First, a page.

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Inflammatory bowel disease (IBD) is the name of a group of disorders in which the intestines (small and large intestines or bowels) become inflamed (red and swollen). This inflammation causes symptoms such as:

Symptoms can range from mild to severe. Also, symptoms can come and go, sometimes going away for months or even years at a time. When people with IBD start to have symptoms again, they are said to be having a relapse or flare-up. When they are not having symptoms, the disease is said to have gone into remission.

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The most common forms of IBD are ulcerative colitis and Crohn’s disease. The diseases are very similar. In fact, doctors sometimes have a hard time figuring out which type of IBD a person has. The main difference between the two diseases is the parts of the digestive tract they affect.

Ulcerative colitis affects the top layer of the large intestine, next to where the stool is. The disease causes swelling and tiny open sores, or ulcers, to form on the surface of the lining. The ulcers can bleed and produce pus. In severe cases of ulcerative colitis, ulcers may weaken the intestinal wall so much that a hole develops. Then the contents of the large intestine, including bacteria, spill into the abdominal (belly) cavity or leak into the blood. This causes a serious infection and requires emergency surgery.

Crohn's disease can affect all layers of the intestinal wall. Areas of the intestines most often affected are the last part of the small intestine, called the ileum, and the first part of the large intestine. But Crohn's disease can affect any part of the digestive tract, from the mouth to the anus. Inflammation in Crohn's disease often occurs in patches, with normal areas on either side of a diseased area.

In Crohn's disease, swelling and scar tissue can thicken the intestinal wall. This narrows the passageway for food that is being digested. The area of the intestine that has narrowed is called a stricture. Also, deep ulcers may turn into tunnels, called fistulas, that connect different parts of the intestine. They may also connect to nearby organs, such as the bladder or vagina, or connect to the skin. And as with ulcerative colitis, ulcers may cause a hole to develop in the wall of the intestine.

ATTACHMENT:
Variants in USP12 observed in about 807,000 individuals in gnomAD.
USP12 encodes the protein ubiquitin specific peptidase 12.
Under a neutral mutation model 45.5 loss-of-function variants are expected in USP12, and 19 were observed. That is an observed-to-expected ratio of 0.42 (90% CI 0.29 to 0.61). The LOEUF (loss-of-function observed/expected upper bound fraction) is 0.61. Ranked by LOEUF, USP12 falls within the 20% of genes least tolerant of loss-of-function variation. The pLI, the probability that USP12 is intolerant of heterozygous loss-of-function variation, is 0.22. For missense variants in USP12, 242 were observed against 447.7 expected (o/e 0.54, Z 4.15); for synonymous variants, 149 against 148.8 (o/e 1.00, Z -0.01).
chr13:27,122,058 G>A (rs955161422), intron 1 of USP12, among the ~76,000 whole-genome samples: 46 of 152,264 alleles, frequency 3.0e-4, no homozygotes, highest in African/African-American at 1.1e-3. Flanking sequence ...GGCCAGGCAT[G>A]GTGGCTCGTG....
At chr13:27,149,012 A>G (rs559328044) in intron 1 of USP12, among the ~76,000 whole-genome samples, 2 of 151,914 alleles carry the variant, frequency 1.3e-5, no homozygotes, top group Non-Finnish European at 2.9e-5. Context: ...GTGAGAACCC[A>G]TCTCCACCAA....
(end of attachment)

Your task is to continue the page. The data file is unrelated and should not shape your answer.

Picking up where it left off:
IBD is not the same as irritable bowel syndrome (IBS), although the symptoms can be similar. Unlike inflammatory bowel disease, IBS does not cause inflammation or damage in the intestines.

In many people with IBD, medicines can control symptoms. But for people with severe IBD, surgery is sometimes needed. With treatment, most people with IBD lead full and active lives.

Irritable bowel syndrome may be a lifelong condition. For some people, symptoms are disabling and interfere with reduce work, travel, and social activities.

Symptoms often get better with treatment.

IBS does not cause permanent harm to the intestines. Also, it does not lead to a serious disease, such as cancer.

Call your health care provider if you have symptoms of irritable bowel syndrome or if you notice changes in your bowel habits that do not go away.

Alternative Names

Spastic colon; Irritable colon; Mucous colitis; Spastic colitis

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